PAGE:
Altar Call – Opelika-Auburn News

Walter Albritton

January 29, 2006


Learning to handle grief is difficult for children


          Every Thursday I carve out some time to write this column. This Thursday morning my grandson Jake Albritton is attending a funeral. It is a rare experience for a 14-year-old.

          The deceased was a mentor and schoolmate of Jake’s. Bryan Valliere, 18, was killed last Sunday in a one-vehicle accident on US Highway 231 in Wetumpka. A friend and younger classmate was driving the truck.

          From all accounts Bryan was an exceptional young man. An excellent student, good athlete, devout Christian, and Eagle Scout, Bryan was scheduled to graduate in May. Jake got to know Bryan at Edgewood Academy where both played on the football team.

          School was cancelled today so students could attend Bryan’s funeral at Thelma Baptist Church near Wetumpka. The entire school is mourning the loss of one of its finest students.

          Bryan took a special interest in our grandson. Jake had a rare opportunity as an eighth grader to practice football with the seniors. Edgewood is a small school and Coach Bobby Carr wanted the younger boys to bond with the older ones.  A lineman himself, Bryan saw potential in Jake and encouraged him. Jake looked up to Bryan and admired him as a role model and good friend.

          I will not attend the funeral but I will be praying for Jake and his classmates. Their school lessons have been put aside this week. Basketball games have been cancelled. The focus of the school has shifted to one thing: the sudden, tragic death of a promising young man.

          Death is like that. It will rear its ugly head and slap you in the face when you are least expecting it. Jake was in the woods hunting when a friend called on his cell phone to tell him about Bryan’s death. Jake stood beside a tree and wept as the awful news shook him.

          That is often the way we meet death. One day you are carefree, enjoying the good life. The next moment you are numb, shocked into disbelief by the abrupt ending of someone’s life. It makes no sense. Questions beginning with the word “Why” jam the switchboard of your brain.

          Jake’s jarring encounter with death is reminiscent of my own introduction to the Grim Reaper when I was about Jake’s age. My cousin “Buck” Johnson died ironically on the same highway, US 231, north of Montgomery. It was also a one-vehicle accident in a truck. Buck was only 13 when his life ended in much the same way that Bryan’s did – in a ditch beside the highway.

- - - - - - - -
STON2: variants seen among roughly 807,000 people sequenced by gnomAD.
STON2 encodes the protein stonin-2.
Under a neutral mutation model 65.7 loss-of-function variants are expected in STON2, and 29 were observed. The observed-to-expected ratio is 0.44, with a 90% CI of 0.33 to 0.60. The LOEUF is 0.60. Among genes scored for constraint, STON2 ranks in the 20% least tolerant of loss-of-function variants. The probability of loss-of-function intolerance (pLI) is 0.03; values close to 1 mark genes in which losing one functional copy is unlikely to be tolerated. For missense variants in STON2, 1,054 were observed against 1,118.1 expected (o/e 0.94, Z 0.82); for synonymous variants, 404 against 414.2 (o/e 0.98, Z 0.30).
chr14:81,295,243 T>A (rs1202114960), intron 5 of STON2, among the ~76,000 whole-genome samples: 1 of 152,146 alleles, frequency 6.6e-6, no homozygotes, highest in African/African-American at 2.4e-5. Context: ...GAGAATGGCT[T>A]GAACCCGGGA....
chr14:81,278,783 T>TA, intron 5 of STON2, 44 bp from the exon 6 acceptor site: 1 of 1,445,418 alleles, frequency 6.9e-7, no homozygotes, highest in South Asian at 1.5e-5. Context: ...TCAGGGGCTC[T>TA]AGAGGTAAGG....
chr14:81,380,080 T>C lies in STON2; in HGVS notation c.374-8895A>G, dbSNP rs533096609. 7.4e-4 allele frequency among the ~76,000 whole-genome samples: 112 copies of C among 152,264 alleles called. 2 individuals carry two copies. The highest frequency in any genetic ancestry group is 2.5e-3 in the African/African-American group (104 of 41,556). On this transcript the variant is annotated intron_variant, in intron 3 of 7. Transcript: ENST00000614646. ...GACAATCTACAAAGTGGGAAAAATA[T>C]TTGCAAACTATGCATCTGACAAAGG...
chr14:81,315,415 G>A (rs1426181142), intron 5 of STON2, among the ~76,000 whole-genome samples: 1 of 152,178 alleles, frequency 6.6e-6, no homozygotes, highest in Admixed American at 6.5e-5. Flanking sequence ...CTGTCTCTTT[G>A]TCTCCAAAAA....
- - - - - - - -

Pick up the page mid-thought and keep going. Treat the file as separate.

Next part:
Buck and I were good friends. We enjoyed playing together whenever our families shared a meal on holidays. Suddenly he was gone. No one could explain to me why he had to die. I found no answers that made any sense.

          So I am praying for Jake. He will grow up a lot this week. His life will never be the same. Mine was not. There was a gripping new awareness of the reality of death, a sobering realization that young people might not live to be old just because they wished it so.

          There is another coincidence in Jake’s experience and my own. Seniors write out a “Last Will and Testament” that is printed in most high school annuals. Bryan had already written his. A teacher called Jake aside Tuesday and told him that Bryan had included him in his last will. He had “willed” his football jersey number, 79, to Jake.

          I imagine Jake will wear 79 for the rest of the time he plays football. He will never forget his friend Bryan or the special gift he left him. Even more, I have an idea that Jake’s memory of Bryan’s influence will motivate him to become a good role model for other young men. He will want to continue the legacy left to him by this splendid fellow student.

          I wish I had saved my Wetumpka High football jersey. It would be old and tattered but if I had it, I would give it to Jake to hang on his wall. My number was also 79.

          Today, with Jake, I share the grief of Bryan’s family and pray for all who mourn the lost of this outstanding young man. My heart is heavy for them all, but especially for the children.

          Coping with grief is so difficult for children. Hopefully those of us who are older and a little wiser can provide the love, hope, and understanding that children need in such an hour. + + + +